• Tech Tech

Scientists make 'optimal' gene-editing breakthrough with sugarcane: 'Shows unique opportunities'

"This is the first peer-reviewed publication describing a field trial of CRISPR-edited sugarcane."

"This is the first peer-reviewed publication describing a field trial of CRISPR-edited sugarcane."

Photo Credit: Charles Keato/Center for Advanced Bioenergy and Bioproducts Innovation

Sugarcane has received a genetic upgrade that could strengthen its standing as the world's largest crop by biomass yield while promoting its potential for renewable energy.

According to a report on Phys.org, scientists from the University of Florida's Center for Advanced Bioenergy and Bioproducts Innovation optimized a sugarcane's leaf inclination angle to increase sunlight capture, thus improving its biomass production.

The study, published in Plant Biotechnology Journal, found that a hybrid of Saccharum officinarum and Saccharum spontaneum has the most "complex genome among all crops."

Each gene has several copies, making it difficult to enhance sugarcane through standard breeding practices. 

The researchers targeted LIGULELESS1, or LG1, which dictates the angle at which the plant's leaves grow. They used the CRISPR/Cas9 system to edit the 40 copies of LG1 that sugarcane's genome contains and fine-tuned the leaf angle by altering some of the copies.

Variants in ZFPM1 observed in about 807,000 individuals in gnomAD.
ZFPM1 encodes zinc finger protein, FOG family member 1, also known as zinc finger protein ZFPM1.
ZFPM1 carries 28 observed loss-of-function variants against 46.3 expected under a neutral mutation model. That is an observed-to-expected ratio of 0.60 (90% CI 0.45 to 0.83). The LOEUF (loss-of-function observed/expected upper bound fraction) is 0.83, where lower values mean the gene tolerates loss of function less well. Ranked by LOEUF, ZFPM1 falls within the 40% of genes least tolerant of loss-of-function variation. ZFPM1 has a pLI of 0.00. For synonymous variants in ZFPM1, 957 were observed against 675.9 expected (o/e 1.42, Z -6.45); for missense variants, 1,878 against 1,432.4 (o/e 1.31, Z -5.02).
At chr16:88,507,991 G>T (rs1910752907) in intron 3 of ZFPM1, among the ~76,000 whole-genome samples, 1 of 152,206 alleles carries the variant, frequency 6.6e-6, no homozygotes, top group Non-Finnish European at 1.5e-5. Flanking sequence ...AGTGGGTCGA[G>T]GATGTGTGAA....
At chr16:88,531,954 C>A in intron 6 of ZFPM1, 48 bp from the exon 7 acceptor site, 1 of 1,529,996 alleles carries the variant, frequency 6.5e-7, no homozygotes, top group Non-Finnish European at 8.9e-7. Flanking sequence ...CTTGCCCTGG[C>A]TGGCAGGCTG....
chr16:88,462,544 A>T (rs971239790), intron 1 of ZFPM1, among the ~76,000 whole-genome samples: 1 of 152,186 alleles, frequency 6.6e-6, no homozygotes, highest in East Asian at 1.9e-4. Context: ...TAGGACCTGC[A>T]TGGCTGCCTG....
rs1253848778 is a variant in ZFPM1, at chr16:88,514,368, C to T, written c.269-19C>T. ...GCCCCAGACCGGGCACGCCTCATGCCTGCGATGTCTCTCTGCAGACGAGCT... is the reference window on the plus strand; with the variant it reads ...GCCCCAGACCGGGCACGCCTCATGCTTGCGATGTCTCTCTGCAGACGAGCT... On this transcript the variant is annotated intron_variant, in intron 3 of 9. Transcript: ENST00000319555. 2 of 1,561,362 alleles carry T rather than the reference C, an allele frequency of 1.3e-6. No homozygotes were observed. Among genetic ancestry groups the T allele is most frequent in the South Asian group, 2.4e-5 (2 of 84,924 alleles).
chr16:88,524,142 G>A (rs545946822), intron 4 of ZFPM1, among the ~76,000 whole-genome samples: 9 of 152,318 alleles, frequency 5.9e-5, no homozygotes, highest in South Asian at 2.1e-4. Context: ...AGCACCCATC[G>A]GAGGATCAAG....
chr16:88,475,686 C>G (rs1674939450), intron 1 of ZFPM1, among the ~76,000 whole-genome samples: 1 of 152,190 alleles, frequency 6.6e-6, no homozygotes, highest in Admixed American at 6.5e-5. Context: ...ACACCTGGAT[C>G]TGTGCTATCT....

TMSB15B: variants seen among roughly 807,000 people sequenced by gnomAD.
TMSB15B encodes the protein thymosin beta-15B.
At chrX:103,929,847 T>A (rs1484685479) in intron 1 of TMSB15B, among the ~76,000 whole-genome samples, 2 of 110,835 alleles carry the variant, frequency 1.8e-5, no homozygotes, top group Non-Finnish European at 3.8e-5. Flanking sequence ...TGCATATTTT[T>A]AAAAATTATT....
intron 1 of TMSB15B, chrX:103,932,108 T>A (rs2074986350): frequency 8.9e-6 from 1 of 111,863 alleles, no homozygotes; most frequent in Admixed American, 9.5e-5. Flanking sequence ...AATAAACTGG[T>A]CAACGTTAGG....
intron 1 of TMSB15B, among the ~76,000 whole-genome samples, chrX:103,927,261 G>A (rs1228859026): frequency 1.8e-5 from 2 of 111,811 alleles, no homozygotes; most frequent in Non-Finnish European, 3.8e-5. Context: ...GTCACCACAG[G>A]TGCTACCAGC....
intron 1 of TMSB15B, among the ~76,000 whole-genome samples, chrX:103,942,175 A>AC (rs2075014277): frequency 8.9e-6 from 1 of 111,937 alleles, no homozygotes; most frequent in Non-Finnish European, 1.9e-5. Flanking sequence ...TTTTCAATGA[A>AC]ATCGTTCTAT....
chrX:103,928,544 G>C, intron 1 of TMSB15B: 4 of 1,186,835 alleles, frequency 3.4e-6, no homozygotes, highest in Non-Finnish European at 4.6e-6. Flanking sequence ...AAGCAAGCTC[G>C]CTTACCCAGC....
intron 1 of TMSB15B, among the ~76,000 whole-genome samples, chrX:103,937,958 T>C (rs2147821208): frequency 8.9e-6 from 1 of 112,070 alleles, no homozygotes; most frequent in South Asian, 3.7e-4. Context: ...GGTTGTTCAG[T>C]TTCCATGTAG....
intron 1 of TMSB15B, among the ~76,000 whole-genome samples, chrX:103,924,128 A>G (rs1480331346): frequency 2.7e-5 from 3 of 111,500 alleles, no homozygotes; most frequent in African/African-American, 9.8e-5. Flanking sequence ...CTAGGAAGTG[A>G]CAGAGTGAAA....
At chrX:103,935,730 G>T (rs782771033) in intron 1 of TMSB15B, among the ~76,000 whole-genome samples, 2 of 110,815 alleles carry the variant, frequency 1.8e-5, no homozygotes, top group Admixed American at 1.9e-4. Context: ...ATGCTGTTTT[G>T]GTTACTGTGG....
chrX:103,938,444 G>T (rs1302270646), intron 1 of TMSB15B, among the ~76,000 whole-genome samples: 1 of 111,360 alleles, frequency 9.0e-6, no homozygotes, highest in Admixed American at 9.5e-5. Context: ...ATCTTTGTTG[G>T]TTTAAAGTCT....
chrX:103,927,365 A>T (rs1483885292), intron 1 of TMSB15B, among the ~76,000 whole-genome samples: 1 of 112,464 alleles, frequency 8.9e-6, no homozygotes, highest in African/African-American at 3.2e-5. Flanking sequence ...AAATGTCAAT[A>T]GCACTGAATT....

"In some of the LG1 edited sugarcanes, we just mutated a few of the copies," said Fredy Altpeter, lead researcher and Professor of Agronomy at the University of Florida, as reported by Phys.org. "And in doing so, we were able to tailor the leaf architecture until we found the optimal angle that resulted in increased biomass yield."

The team discovered that a more upright leaf angle allowed more sunlight to penetrate the sugarcane canopy, leading to heavier and taller plants. The most productive line came from a crop with 12% of its LG1 copies edited, which produced a sugarcane with a 56% decrease in leaf inclination angle and an 18% hike in dry biomass yield.

Sugarcane is already responsible for 80% of the sugar and 40% of biofuel production in the world, per the Phys.org report. However, these findings show the potential of the crop to play an even larger role in renewable bioproducts and biofuels — all without the need for toxic fertilizers that could pollute water sources. 

The versatile plant has been used in everything from planet-friendly bricks for construction to plastic-free vinyls. One company is turning sugarcane into a more sustainable form of aviation fuel, and even Lego is incorporating it into its products.

"This is the first peer-reviewed publication describing a field trial of CRISPR-edited sugarcane," Altpeter added. "And this work also shows unique opportunities for the editing of polyploid crop genomes, where researchers can fine-tune a specific trait."

Join our free newsletter for weekly updates on the coolest innovations improving our lives and saving our planet.

Cool Divider